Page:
In 1973, when mathematicians invented an algorithm that could model the financial market, investment traders refused to use it – punching a calculator’s buttons wasted time. Now algorithms control 70 percent of the US equity market, running on supercomputers that buy and sell millions of shares at nearly the speed of light. Automized trading has become a race measured in milliseconds: a new fiberoptic cable is being laid on the Atlantic seabed that will shave five milliseconds off the communication time between financial markets in London and New York. It takes a human 300 milliseconds just to blink.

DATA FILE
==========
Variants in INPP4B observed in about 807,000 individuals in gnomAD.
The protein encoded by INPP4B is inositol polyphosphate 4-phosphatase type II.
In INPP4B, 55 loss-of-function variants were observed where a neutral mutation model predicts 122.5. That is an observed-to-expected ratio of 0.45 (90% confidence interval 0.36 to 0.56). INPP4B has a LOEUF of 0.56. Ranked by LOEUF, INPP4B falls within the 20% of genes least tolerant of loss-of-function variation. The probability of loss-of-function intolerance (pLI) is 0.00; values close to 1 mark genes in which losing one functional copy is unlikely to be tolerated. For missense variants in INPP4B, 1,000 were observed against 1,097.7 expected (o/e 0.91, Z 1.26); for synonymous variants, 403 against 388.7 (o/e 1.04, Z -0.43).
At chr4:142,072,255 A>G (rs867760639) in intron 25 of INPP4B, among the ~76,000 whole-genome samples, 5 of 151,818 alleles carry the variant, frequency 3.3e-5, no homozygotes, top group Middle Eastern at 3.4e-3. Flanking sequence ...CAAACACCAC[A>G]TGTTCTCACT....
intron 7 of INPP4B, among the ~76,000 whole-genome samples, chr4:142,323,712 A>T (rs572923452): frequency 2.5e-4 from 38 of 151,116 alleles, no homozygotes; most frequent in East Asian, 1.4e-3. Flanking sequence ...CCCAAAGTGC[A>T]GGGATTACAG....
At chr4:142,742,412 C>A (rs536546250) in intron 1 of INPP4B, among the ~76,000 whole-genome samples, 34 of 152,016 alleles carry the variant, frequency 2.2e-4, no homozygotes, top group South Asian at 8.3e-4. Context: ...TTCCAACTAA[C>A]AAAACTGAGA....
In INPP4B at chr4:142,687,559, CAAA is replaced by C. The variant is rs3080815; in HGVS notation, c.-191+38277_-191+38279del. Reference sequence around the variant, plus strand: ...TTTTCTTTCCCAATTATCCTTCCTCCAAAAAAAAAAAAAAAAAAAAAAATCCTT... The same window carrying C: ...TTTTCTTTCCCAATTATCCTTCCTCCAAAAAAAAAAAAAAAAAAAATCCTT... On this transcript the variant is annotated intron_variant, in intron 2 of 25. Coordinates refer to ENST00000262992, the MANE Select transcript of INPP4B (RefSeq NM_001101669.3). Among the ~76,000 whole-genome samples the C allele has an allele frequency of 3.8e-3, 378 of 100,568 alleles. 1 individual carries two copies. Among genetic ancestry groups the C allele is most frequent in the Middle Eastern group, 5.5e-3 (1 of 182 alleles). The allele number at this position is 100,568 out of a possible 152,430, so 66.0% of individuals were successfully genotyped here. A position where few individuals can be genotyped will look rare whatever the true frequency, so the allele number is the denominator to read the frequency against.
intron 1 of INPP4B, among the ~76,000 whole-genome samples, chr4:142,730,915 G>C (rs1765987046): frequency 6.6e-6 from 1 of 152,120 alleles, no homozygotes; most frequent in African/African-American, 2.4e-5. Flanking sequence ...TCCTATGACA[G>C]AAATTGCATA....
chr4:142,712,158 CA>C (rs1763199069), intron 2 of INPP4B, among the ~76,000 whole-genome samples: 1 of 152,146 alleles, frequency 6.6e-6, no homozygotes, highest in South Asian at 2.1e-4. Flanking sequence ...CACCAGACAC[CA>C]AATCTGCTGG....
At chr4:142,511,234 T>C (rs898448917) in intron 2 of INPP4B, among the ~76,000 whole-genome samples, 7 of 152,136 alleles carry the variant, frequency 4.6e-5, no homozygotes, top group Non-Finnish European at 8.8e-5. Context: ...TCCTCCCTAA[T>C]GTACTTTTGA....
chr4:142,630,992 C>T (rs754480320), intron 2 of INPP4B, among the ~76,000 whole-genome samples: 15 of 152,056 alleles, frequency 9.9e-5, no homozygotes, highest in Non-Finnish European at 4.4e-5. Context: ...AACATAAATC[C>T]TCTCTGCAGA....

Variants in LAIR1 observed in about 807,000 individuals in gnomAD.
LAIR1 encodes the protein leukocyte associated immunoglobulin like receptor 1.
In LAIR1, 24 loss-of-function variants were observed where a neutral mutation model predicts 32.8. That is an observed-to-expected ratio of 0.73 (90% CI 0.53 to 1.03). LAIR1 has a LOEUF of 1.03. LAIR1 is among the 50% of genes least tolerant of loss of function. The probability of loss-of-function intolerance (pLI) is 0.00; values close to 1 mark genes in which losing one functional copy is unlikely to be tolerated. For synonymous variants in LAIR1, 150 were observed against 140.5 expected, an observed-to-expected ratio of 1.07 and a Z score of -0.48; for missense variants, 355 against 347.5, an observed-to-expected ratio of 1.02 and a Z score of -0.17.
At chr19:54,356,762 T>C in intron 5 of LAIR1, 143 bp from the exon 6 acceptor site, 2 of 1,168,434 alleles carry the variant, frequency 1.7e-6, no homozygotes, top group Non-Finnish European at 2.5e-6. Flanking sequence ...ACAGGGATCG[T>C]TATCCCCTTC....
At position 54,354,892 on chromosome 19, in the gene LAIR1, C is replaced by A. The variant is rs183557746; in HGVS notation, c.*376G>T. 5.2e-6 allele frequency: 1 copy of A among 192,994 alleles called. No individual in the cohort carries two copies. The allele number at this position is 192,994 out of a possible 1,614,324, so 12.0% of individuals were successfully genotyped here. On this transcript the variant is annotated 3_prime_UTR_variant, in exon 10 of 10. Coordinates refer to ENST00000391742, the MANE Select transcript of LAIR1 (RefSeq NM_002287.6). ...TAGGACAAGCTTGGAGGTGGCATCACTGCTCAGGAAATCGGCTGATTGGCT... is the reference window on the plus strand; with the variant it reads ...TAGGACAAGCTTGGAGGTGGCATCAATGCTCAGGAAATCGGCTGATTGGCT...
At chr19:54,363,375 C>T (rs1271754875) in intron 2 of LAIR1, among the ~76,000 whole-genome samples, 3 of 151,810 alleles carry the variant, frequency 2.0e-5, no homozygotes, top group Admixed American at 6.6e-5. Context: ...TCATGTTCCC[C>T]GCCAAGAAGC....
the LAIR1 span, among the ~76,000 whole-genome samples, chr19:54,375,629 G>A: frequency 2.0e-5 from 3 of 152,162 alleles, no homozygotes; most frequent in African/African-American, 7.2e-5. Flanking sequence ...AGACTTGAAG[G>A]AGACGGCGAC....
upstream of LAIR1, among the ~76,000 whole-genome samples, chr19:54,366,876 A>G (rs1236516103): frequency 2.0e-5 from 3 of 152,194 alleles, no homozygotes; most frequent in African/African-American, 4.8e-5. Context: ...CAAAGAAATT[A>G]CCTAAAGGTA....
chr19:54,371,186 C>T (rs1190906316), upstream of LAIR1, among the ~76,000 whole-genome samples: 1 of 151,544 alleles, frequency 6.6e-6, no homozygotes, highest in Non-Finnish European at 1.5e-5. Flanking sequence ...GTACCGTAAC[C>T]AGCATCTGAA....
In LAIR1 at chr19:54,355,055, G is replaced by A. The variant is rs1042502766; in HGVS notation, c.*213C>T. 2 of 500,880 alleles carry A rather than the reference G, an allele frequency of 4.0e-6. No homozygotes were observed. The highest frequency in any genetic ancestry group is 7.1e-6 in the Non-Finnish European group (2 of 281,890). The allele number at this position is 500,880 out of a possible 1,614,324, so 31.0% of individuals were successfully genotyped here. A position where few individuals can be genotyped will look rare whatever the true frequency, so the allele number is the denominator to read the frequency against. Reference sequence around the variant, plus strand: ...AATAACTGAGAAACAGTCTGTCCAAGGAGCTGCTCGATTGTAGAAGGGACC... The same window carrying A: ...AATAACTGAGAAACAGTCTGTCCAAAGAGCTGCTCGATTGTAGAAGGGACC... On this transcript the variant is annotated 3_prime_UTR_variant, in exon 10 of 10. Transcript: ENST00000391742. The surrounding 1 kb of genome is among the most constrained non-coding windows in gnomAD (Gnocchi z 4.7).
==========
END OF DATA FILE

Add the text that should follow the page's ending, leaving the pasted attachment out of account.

At such speeds, programming mistakes are explosive. During the 2010 “Flash Crash,” an errant algorithm flooded the US stock market with US$4.1 billion worth of contracts. Within seconds, other algorithms magnified the error, distorting the entire market. Expensive stocks sold for pennies, and the Dow Jones Industrial Average plummeted 9 percent: a loss of $1 trillion. Hours later, the market inexplicably rebounded. But when the system doesn’t autocorrect, humans can only try to contain the damage. In August 2012, an investment program at the US Knight Capital Group went rogue and was caught after 45 minutes. By then the firm had lost $440 million: $10 million a minute.